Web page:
Florida’s New Abortion Law Officially Signed Into Legislation

On Thursday, Republican Florida Governor Ron DeSantis signed legislation prohibiting abortions beyond 15 weeks.

The bill only allows abortions after 15 weeks if there is a “fatal fetal defect,” and there are no exceptions for rape or incest. The rule reduces the amount of time an abortion can be performed by nine weeks, although abortions were previously prohibited in the state after 24 weeks.

DeSantis stressed that the law is just one part of his pro-life agenda, noting that it also includes funding to expand the number of infant mortality review boards across the state.

“If you’re looking at what we’ve done this week, we’re promoting fatherhood in Florida,” DeSantis said. “We want our kids to have dads in the home. We want the fathers present and to take responsibility. It’s the most important thing you can do is to take responsibility for the upbringing of your kids.”

At the bill signing, DeSantis was joined by a large number of pro-life protestors. Some campaigners told of regrettable abortions, while others told of adopting infants who had survived abortion attempts.

“There are two types of people that have led me to speak up,” said Heather Grall-Barwick, who said she had an abortion when she was 21. “The women who say that abortion does not cause mental distress, and the women in their 70s who had abortions and testified that just now they’re able to speak about them and the regret that they have felt for over 40 years.”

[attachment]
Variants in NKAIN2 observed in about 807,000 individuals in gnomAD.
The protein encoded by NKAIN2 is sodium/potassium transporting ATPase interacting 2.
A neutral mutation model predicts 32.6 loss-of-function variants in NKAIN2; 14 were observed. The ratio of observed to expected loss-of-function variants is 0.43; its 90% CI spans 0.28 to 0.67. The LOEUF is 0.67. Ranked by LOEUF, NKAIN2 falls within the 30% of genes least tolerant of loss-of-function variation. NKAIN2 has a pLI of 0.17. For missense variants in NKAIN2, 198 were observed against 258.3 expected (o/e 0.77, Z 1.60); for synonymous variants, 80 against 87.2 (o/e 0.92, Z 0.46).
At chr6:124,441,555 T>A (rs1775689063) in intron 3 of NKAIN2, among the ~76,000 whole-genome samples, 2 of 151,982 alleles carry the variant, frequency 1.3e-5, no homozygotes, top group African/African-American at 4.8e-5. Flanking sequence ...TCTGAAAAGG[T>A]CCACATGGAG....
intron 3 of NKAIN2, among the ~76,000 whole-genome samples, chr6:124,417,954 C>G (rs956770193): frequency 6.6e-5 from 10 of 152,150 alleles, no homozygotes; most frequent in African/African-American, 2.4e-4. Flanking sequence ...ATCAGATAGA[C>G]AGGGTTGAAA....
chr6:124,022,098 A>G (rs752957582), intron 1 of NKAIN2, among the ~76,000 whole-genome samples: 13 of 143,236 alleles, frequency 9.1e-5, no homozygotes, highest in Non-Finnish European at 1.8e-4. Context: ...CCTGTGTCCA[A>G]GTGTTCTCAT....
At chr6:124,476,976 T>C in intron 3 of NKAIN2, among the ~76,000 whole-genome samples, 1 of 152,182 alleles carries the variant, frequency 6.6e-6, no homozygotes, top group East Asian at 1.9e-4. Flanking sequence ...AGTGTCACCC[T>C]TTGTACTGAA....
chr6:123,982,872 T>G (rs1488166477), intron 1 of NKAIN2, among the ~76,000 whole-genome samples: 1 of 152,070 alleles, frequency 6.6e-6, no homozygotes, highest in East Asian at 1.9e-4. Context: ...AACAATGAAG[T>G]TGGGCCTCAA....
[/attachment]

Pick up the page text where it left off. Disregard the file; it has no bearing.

“I made a mistake that I cannot change, but I can let others learn from my mistake,” she added.

The law is expected to take effect on July 1st. DeSantis’ decision comes after Texas passed a six-week abortion ban. Last year, Mississippi similarly enacted a 15-week abortion restriction. The Supreme Court has heard challenges to both the Mississippi and Texas laws. The Texas ban will remain in effect while the issue is being decided by the Supreme Court, which is a contentious choice in and of itself.

Justice Sonia Sotomayor chastised her colleagues for allowing the restriction to remain in place until December.

“The chilling effect has been near total, depriving pregnant women in Texas of virtually all opportunity to seek abortion care within their home State after their sixth week of pregnancy,” she said. “The Court instead hides behind a wooden reading of Young, stitching out-of-context quotations into a cover for its failure to act decisively.”

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